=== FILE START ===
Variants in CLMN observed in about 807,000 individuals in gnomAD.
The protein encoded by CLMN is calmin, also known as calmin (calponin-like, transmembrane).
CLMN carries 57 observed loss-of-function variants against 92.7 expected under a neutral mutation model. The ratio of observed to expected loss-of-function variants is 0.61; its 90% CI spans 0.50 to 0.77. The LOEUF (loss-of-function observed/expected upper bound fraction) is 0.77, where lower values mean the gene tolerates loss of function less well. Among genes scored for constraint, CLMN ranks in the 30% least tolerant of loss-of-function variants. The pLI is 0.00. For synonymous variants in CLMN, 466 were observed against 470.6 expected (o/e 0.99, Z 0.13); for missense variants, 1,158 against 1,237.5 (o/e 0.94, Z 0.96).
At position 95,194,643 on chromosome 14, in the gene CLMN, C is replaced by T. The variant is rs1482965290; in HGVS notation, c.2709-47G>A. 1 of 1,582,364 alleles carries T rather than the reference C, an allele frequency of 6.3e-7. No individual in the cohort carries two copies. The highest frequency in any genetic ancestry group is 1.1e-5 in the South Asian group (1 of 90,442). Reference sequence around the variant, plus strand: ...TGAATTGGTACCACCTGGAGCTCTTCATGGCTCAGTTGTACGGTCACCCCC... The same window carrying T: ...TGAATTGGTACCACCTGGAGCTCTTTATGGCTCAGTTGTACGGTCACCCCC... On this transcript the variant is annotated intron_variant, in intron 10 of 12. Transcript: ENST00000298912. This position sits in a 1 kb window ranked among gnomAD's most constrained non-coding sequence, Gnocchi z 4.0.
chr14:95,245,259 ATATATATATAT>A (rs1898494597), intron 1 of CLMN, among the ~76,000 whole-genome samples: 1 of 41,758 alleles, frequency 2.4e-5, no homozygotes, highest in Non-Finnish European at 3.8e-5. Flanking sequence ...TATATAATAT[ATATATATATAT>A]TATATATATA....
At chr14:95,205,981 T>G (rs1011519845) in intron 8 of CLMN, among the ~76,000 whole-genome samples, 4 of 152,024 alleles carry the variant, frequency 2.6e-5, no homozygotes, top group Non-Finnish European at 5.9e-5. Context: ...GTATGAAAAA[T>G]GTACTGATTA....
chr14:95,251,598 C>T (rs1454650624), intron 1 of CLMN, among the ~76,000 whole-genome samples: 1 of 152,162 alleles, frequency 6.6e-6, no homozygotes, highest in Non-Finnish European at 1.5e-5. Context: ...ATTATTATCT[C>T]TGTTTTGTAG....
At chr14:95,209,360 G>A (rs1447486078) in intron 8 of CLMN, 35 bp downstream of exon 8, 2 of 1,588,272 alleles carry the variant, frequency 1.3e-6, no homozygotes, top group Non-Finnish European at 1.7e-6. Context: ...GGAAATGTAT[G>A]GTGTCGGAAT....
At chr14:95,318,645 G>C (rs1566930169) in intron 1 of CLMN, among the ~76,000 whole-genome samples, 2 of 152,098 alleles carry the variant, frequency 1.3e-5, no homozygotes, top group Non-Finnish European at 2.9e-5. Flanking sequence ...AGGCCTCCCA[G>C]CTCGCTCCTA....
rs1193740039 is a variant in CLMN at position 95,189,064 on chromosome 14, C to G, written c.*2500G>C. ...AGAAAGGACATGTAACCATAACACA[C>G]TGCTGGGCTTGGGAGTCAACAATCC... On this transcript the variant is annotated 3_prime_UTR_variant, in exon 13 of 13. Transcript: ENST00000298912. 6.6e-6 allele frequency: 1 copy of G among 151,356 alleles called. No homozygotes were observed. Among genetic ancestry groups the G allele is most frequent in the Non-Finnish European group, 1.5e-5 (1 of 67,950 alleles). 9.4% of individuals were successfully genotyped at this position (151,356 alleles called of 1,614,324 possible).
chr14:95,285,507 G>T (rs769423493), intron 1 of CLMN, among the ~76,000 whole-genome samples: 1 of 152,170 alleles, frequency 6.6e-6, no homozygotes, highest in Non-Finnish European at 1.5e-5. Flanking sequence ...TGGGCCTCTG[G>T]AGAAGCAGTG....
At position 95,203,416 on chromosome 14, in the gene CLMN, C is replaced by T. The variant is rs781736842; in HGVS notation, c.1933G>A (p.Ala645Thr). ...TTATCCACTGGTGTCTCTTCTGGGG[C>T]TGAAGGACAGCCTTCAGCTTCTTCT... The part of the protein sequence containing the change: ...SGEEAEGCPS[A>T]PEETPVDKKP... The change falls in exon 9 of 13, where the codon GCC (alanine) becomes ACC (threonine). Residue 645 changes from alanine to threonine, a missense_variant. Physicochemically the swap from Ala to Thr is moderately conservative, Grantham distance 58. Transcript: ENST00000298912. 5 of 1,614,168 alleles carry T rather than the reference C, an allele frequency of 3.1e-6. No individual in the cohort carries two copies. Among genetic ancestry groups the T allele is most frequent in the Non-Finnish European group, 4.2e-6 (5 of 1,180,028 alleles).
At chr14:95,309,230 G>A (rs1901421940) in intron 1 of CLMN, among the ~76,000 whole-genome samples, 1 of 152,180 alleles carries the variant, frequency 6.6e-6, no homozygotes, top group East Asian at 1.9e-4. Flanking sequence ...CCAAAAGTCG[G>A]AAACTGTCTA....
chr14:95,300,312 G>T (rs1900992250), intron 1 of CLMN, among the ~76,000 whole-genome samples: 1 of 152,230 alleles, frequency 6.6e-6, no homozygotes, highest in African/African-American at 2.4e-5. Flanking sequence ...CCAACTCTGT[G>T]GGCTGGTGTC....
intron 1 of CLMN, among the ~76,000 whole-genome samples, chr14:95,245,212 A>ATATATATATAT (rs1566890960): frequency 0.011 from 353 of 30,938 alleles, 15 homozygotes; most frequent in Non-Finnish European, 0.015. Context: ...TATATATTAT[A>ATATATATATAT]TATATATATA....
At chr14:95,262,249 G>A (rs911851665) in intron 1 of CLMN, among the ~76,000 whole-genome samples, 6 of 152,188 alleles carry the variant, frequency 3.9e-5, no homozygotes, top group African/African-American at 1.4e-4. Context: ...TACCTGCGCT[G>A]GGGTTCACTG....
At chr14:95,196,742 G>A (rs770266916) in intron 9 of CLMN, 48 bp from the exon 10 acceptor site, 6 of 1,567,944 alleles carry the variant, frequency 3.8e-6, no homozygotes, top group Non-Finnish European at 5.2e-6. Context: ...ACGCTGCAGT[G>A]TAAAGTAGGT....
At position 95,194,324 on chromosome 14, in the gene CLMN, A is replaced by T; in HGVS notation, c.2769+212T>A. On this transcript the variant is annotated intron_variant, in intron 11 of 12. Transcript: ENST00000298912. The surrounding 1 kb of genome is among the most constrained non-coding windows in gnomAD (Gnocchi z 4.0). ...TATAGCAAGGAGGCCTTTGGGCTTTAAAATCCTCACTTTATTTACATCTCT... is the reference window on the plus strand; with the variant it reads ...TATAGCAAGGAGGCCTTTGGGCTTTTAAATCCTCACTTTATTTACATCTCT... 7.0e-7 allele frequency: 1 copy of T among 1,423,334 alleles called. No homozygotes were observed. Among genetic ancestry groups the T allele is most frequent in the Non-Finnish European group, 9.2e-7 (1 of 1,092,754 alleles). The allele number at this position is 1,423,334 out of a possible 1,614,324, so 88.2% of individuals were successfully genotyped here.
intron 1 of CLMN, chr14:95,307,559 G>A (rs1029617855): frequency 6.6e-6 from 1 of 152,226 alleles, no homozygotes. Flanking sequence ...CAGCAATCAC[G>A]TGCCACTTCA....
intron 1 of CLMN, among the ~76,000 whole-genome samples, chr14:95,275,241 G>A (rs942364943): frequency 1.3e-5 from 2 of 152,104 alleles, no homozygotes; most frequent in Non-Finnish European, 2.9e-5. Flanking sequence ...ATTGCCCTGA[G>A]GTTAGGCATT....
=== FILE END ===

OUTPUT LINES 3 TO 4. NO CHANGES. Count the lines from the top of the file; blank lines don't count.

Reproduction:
CLMN carries 57 observed loss-of-function variants against 92.7 expected under a neutral mutation model. The ratio of observed to expected loss-of-function variants is 0.61; its 90% CI spans 0.50 to 0.77. The LOEUF (loss-of-function observed/expected upper bound fraction) is 0.77, where lower values mean the gene tolerates loss of function less well. Among genes scored for constraint, CLMN ranks in the 30% least tolerant of loss-of-function variants. The pLI is 0.00. For synonymous variants in CLMN, 466 were observed against 470.6 expected (o/e 0.99, Z 0.13); for missense variants, 1,158 against 1,237.5 (o/e 0.94, Z 0.96).
At position 95,194,643 on chromosome 14, in the gene CLMN, C is replaced by T. The variant is rs1482965290; in HGVS notation, c.2709-47G>A. 1 of 1,582,364 alleles carries T rather than the reference C, an allele frequency of 6.3e-7. No individual in the cohort carries two copies. The highest frequency in any genetic ancestry group is 1.1e-5 in the South Asian group (1 of 90,442). Reference sequence around the variant, plus strand: ...TGAATTGGTACCACCTGGAGCTCTTCATGGCTCAGTTGTACGGTCACCCCC... The same window carrying T: ...TGAATTGGTACCACCTGGAGCTCTTTATGGCTCAGTTGTACGGTCACCCCC... On this transcript the variant is annotated intron_variant, in intron 10 of 12. Transcript: ENST00000298912. This position sits in a 1 kb window ranked among gnomAD's most constrained non-coding sequence, Gnocchi z 4.0.